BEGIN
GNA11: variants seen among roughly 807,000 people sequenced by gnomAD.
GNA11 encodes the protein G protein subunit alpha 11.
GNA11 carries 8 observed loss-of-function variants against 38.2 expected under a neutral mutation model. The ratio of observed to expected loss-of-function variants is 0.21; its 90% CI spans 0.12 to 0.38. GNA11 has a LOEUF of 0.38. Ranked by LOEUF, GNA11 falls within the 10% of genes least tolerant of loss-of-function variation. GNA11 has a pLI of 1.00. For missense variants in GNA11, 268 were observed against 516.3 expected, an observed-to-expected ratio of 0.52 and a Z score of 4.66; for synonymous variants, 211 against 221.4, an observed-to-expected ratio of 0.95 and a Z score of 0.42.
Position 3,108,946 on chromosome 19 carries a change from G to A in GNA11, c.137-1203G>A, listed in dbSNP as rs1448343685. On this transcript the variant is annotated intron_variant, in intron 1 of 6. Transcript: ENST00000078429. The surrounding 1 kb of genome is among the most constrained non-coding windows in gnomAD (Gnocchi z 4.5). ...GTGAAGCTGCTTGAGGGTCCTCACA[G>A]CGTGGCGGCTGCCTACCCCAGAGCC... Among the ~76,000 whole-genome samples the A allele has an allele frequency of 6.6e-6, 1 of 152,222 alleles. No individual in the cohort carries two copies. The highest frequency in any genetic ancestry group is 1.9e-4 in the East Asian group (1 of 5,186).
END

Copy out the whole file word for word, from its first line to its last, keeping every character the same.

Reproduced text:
GNA11: variants seen among roughly 807,000 people sequenced by gnomAD.
GNA11 encodes the protein G protein subunit alpha 11.
GNA11 carries 8 observed loss-of-function variants against 38.2 expected under a neutral mutation model. The ratio of observed to expected loss-of-function variants is 0.21; its 90% CI spans 0.12 to 0.38. GNA11 has a LOEUF of 0.38. Ranked by LOEUF, GNA11 falls within the 10% of genes least tolerant of loss-of-function variation. GNA11 has a pLI of 1.00. For missense variants in GNA11, 268 were observed against 516.3 expected, an observed-to-expected ratio of 0.52 and a Z score of 4.66; for synonymous variants, 211 against 221.4, an observed-to-expected ratio of 0.95 and a Z score of 0.42.
Position 3,108,946 on chromosome 19 carries a change from G to A in GNA11, c.137-1203G>A, listed in dbSNP as rs1448343685. On this transcript the variant is annotated intron_variant, in intron 1 of 6. Transcript: ENST00000078429. The surrounding 1 kb of genome is among the most constrained non-coding windows in gnomAD (Gnocchi z 4.5). ...GTGAAGCTGCTTGAGGGTCCTCACA[G>A]CGTGGCGGCTGCCTACCCCAGAGCC... Among the ~76,000 whole-genome samples the A allele has an allele frequency of 6.6e-6, 1 of 152,222 alleles. No individual in the cohort carries two copies. The highest frequency in any genetic ancestry group is 1.9e-4 in the East Asian group (1 of 5,186).